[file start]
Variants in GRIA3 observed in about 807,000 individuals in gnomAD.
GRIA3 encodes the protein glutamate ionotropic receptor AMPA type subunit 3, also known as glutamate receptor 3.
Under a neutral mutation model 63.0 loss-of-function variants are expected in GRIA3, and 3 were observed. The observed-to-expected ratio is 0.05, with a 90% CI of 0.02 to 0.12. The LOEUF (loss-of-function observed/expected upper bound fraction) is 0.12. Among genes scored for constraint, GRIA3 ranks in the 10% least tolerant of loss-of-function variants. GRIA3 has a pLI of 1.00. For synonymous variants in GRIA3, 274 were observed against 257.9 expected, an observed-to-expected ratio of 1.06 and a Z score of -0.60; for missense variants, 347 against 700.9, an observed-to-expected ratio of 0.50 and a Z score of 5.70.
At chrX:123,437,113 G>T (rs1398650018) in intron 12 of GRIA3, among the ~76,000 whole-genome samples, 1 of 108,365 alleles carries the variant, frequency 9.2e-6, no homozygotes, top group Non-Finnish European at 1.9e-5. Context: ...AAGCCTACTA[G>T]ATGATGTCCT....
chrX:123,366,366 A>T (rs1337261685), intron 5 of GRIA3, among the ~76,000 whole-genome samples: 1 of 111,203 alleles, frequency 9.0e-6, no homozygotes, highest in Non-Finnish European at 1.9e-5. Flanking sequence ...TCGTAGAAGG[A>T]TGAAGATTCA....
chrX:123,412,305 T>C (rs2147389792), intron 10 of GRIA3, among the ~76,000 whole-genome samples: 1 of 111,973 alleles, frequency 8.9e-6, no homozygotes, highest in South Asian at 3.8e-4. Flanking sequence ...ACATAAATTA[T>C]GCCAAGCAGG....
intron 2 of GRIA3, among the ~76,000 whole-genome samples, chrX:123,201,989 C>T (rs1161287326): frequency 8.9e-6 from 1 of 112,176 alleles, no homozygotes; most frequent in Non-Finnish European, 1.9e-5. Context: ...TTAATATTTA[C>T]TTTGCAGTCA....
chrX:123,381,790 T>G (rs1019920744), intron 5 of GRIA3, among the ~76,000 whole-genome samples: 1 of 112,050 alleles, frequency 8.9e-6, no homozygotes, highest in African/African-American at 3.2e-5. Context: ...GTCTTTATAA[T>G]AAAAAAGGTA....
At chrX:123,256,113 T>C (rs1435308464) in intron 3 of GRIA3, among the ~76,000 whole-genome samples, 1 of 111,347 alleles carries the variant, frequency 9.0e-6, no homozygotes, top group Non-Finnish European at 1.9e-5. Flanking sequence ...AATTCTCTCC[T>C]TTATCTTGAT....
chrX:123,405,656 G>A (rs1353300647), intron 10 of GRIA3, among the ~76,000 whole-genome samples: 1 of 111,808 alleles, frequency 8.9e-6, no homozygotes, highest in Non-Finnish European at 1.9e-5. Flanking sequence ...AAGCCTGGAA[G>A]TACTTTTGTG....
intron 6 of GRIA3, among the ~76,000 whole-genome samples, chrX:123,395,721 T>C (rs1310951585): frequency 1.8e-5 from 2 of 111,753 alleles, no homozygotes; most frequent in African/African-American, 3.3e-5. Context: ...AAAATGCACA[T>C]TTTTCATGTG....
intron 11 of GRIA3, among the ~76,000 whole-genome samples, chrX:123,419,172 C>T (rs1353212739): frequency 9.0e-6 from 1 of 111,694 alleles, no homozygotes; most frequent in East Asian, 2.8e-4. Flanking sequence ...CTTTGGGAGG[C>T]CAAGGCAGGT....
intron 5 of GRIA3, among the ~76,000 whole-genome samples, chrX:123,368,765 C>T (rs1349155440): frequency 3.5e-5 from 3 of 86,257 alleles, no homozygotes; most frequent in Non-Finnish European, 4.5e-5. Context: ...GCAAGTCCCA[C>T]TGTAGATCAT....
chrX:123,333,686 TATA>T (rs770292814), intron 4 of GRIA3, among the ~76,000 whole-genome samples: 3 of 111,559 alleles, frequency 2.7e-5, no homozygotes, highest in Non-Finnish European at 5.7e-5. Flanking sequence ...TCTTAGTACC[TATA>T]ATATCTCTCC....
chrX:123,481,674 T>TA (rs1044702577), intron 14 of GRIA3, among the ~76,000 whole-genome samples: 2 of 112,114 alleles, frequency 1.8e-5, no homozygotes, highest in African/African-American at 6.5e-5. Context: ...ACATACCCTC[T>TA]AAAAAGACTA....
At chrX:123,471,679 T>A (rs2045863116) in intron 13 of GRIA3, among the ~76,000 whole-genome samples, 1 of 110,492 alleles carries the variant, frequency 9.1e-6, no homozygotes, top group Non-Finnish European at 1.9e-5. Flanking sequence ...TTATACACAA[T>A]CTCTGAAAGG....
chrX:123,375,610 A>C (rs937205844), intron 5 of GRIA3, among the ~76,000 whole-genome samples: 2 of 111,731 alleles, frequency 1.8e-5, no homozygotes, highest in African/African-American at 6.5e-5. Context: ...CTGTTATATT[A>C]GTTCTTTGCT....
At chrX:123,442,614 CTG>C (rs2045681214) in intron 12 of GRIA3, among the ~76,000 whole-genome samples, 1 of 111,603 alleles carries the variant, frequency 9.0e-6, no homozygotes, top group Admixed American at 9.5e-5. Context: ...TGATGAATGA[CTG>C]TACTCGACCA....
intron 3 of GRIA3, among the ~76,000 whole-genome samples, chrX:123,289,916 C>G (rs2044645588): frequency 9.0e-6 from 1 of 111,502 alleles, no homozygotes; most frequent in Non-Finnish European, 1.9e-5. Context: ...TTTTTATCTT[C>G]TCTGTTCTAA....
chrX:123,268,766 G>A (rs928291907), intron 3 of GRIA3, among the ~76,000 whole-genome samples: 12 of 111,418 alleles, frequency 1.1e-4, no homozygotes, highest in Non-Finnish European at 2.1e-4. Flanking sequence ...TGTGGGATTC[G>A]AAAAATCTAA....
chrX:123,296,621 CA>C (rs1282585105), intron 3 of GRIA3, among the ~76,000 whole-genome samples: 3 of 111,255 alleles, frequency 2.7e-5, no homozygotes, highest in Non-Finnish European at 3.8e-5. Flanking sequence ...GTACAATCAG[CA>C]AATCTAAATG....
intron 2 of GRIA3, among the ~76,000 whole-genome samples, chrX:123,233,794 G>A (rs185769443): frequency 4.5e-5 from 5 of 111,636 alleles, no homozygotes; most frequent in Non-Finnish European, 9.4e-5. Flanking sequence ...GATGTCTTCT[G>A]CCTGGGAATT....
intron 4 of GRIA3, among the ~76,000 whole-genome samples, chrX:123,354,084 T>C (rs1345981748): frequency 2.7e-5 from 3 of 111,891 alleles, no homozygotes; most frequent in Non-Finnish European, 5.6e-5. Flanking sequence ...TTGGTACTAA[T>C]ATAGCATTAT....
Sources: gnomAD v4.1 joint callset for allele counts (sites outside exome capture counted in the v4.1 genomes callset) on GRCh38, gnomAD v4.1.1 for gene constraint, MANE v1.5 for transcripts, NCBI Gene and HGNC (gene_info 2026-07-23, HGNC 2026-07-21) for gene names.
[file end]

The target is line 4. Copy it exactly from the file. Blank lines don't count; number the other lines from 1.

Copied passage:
At chrX:123,437,113 G>T (rs1398650018) in intron 12 of GRIA3, among the ~76,000 whole-genome samples, 1 of 108,365 alleles carries the variant, frequency 9.2e-6, no homozygotes, top group Non-Finnish European at 1.9e-5. Context: ...AAGCCTACTA[G>T]ATGATGTCCT....